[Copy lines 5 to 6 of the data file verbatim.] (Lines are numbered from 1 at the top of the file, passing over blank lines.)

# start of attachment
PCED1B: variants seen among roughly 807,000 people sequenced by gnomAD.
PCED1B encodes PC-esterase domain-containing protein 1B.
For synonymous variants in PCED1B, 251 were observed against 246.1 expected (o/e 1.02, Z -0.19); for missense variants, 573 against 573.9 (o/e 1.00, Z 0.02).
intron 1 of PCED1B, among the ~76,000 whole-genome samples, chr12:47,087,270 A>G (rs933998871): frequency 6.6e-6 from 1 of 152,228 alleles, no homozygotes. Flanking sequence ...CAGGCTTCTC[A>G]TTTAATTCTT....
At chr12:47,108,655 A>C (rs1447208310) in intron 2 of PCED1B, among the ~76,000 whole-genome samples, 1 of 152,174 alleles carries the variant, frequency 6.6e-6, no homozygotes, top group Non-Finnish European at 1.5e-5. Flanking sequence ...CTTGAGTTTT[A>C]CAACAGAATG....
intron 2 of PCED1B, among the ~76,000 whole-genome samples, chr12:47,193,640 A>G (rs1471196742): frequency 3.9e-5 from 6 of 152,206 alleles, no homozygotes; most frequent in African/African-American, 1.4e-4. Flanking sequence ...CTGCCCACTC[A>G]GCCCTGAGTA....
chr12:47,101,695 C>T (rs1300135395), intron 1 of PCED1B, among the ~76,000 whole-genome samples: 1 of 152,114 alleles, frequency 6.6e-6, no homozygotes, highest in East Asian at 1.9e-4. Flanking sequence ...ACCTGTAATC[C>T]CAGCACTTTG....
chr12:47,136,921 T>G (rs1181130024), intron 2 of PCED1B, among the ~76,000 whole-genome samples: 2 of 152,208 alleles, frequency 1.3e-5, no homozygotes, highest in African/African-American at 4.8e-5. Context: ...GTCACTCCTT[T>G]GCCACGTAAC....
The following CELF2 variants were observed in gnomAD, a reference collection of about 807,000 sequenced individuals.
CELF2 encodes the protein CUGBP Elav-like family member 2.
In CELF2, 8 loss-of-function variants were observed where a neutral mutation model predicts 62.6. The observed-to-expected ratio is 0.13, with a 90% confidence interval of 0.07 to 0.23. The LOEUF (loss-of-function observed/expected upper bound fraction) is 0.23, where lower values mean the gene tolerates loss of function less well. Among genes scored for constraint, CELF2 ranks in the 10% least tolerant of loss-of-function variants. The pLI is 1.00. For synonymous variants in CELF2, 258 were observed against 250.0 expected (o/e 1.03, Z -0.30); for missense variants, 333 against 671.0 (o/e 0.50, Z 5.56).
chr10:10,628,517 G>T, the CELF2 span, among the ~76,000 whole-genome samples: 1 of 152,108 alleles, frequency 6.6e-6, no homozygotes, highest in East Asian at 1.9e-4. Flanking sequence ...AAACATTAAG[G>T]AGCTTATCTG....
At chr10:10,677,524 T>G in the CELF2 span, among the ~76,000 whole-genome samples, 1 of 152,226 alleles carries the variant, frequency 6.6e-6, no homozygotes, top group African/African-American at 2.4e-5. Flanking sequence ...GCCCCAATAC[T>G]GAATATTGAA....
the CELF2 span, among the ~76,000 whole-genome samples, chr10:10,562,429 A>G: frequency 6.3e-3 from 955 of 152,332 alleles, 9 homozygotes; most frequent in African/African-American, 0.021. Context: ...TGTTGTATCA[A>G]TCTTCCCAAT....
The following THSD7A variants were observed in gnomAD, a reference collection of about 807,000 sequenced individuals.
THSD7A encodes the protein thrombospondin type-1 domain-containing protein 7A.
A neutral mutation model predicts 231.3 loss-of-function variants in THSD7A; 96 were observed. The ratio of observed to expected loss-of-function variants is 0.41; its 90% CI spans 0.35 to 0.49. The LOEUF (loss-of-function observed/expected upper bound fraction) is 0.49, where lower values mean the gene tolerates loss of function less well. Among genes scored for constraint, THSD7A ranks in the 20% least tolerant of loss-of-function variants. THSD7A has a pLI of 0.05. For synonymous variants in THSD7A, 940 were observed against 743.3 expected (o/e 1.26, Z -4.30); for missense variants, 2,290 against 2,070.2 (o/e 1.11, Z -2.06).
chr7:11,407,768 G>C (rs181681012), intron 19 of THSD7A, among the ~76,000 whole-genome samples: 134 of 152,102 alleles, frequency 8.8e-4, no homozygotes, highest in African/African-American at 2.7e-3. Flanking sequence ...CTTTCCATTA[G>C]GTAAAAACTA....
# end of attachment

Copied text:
At chr12:47,108,655 A>C (rs1447208310) in intron 2 of PCED1B, among the ~76,000 whole-genome samples, 1 of 152,174 alleles carries the variant, frequency 6.6e-6, no homozygotes, top group Non-Finnish European at 1.5e-5. Flanking sequence ...CTTGAGTTTT[A>C]CAACAGAATG....
intron 2 of PCED1B, among the ~76,000 whole-genome samples, chr12:47,193,640 A>G (rs1471196742): frequency 3.9e-5 from 6 of 152,206 alleles, no homozygotes; most frequent in African/African-American, 1.4e-4. Flanking sequence ...CTGCCCACTC[A>G]GCCCTGAGTA....